Researchers Discover Test to Predict Which Patients with Rare Blood Disease Will Respond to Only FDA-Approved Treatment, and Identify Alternative Therapy

New research has uncovered a precision medicine test using blood proteins to identify a novel patient subgroup of idiopathic multicentric Castleman disease (iMCD), a rare blood disorder, who are more likely to respond to siltuximab, the only FDA approved treatment for the disease.

Online mental health intervention significantly helps the isolated, immunosuppressed during pandemic

People with the rare autoimmune disease scleroderma, who likely experience more serious isolation during a global pandemic, saw their anxiety and depression improve after receiving online mental health intervention through an international study. Researchers say the support program could be extended to many vulnerable patient populations moving forward.

Starting Smoking Cessation in Hospitalized Patients Would Reduce Many Premature Deaths

Each year in the U.S., about 30 million hospitalizations occur in individuals 18 and older. Of these, more than 7 million are current cigarette smokers whose average hospital stay is several days. Researchers say that starting smoking cessation therapy during hospitalization and maintaining high adherence post-discharge can markedly improve permanent quit rates in these patients with minimal to no side effects. Cessation therapy also should include long-term counseling and at least 90 days of a prescription drug, specifically, varenicline.

Clinical trial to assess rehabilitation treatment for infants and toddlers after stroke

In the first of its kind for the tiniest stroke survivors, researchers at The University of Texas Health Science Center at Houston (UTHealth) will lead a stroke rehabilitation clinical trial in the state of Texas through a multi-institutional NIH StrokeNet initiative.

Who Could Benefit From Exercise and Behavioral Treatment?

Aerobic exercise clearly benefits young adults with major depression, and a Rutgers-led study suggests it may be possible to predict those who would benefit from behavioral therapy with exercise. Unique to this precision medicine study, published in the journal Psychological Medicine, is an assessment of cognitive control and reward-related brain activity, two facets of brain function that are impaired in people with depression. Like previous studies, this one showed that aerobic exercise helps young adults with major depression.

Henry Ford Health System Kicks Off David DiChiera Music Therapy Program with Detroit Symphony Orchestra and Michigan Opera Theatre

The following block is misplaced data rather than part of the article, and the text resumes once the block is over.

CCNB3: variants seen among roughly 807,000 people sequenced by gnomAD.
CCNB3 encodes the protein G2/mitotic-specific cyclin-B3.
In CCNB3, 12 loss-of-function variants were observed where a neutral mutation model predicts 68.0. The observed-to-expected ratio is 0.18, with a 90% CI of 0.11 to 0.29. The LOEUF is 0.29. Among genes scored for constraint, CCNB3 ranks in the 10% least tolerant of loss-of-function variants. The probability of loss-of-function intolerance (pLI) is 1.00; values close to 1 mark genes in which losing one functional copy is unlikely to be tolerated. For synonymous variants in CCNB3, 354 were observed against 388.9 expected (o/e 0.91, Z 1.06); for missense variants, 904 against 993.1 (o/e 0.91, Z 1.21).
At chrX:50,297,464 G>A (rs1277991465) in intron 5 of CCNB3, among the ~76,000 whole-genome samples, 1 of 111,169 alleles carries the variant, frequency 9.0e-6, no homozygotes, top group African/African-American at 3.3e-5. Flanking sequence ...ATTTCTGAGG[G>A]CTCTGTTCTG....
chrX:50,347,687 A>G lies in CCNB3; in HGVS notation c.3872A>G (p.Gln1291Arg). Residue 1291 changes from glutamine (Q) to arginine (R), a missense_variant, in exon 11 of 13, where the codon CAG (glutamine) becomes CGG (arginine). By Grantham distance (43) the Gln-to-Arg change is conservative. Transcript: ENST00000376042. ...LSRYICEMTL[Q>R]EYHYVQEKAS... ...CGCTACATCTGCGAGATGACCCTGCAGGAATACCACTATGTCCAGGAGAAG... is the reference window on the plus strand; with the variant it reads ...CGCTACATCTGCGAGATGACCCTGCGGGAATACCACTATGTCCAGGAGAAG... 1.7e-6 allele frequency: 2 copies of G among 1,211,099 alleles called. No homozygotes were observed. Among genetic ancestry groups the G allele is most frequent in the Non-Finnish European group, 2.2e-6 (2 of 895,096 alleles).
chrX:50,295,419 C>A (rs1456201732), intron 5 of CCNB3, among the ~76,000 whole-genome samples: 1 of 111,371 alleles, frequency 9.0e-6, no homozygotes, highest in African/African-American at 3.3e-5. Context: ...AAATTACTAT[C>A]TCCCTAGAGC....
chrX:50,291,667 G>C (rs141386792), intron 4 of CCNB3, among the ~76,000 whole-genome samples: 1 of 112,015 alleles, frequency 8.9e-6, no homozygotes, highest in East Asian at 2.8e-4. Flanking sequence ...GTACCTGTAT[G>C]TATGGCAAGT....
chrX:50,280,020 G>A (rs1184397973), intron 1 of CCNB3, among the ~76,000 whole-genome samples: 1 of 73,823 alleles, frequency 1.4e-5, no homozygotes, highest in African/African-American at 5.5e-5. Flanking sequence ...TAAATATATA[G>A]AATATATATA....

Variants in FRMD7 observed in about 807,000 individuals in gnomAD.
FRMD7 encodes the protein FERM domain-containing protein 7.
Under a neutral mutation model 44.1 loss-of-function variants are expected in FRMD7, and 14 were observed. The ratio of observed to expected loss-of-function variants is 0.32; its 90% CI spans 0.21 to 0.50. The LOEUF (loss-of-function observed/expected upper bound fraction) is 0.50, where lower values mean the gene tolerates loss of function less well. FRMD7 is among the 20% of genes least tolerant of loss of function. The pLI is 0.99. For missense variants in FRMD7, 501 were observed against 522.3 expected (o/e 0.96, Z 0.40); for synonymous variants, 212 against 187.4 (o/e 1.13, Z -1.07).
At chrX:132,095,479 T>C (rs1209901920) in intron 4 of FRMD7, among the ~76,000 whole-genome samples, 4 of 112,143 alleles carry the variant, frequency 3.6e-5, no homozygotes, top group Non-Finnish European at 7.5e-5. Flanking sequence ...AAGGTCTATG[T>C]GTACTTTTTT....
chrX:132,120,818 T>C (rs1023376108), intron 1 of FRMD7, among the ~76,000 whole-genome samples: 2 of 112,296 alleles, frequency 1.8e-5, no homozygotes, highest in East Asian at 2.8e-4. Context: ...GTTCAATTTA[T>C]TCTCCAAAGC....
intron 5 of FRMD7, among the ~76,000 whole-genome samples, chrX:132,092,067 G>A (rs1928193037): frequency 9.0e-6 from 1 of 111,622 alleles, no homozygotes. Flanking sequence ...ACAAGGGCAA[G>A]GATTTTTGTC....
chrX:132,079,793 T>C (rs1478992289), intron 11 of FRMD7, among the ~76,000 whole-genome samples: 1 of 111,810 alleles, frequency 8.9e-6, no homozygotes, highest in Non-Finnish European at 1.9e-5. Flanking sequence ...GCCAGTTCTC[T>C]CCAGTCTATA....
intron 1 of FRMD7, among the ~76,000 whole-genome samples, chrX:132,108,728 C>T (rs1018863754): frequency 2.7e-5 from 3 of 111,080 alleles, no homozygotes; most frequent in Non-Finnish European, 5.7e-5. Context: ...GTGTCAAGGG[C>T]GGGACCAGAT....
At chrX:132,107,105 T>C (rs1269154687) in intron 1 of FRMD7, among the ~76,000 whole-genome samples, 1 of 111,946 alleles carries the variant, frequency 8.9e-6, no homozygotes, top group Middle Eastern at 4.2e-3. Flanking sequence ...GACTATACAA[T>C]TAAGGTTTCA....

Henry Ford Health System, in partnership with the Detroit Symphony Orchestra (DSO) and Michigan Opera Theatre (MOT), has begun offering virtual musical performances to cancer patients via its music therapy program named for the founding general director of Michigan Opera Theatre, David DiChiera. Through the David DiChiera Music Therapy Program, patients of Henry Ford Cancer Institute will be able to enjoy both live and archived virtual performances from the DSO and MOT at no cost.

Love Under Lockdown: How Couples Can Cope During COVID-19

For many, love has long been associated with flowers, candy, and counting down the hours until they see their crush or significant other again. During the age of coronavirus? Just like every other part of life, the mechanics of romance have changed. Newly dating partners are longing for one another after weeks apart due to the quarantine; longtime cohabitating and married couples are spending more time together than ever, deepening bonds for many while some could use a breather from seeing their (not so) loved one’s face.

Self-regulation for kids: at home, at school and with autism

As every teacher will assert, self-regulation is the key to optimal learning; it helps kids tune in, stay focussed and be ready to learn. But what if your child isn’t wired this way? For many children, self-regulation is hard to master, but for kids on the autism spectrum, it can seem insurmountable, singling them out and creating barriers to their learning.

Parents’ social isolation linked to their children’s health

Parents’ social isolation was linked to self-reported poorer health not only for themselves but also for their adolescent children, finds a study from the Brown School at Washington University in St. Louis.“The purpose of this study was to investigate the interrelationship between parent and adolescent social isolation and health,” said Tess Thompson, research assistant professor.

Scientists trace the molecular roots of potentially fatal heart condition

At a glance:

Research using heart cells from squirrels, mice and people identifies an evolutionary mechanism critical for heart muscle function

Gene defect that affects a protein found in the heart muscle interferes with this mechanism to cause hypertrophic cardiomyopathy, a potentially fatal heart condition

Imbalance in the ratio of active and inactive protein disrupts heart muscle’s ability to contract and relax normally, interferes with heart muscle’s energy consumption

Treatment with a small-molecule drug restores proper contraction, energy consumption in human and rodent heart cells

If affirmed in subsequent studies, the results can inform therapies that could halt disease progression, help prevent common complications, including arrhythmias and heart failure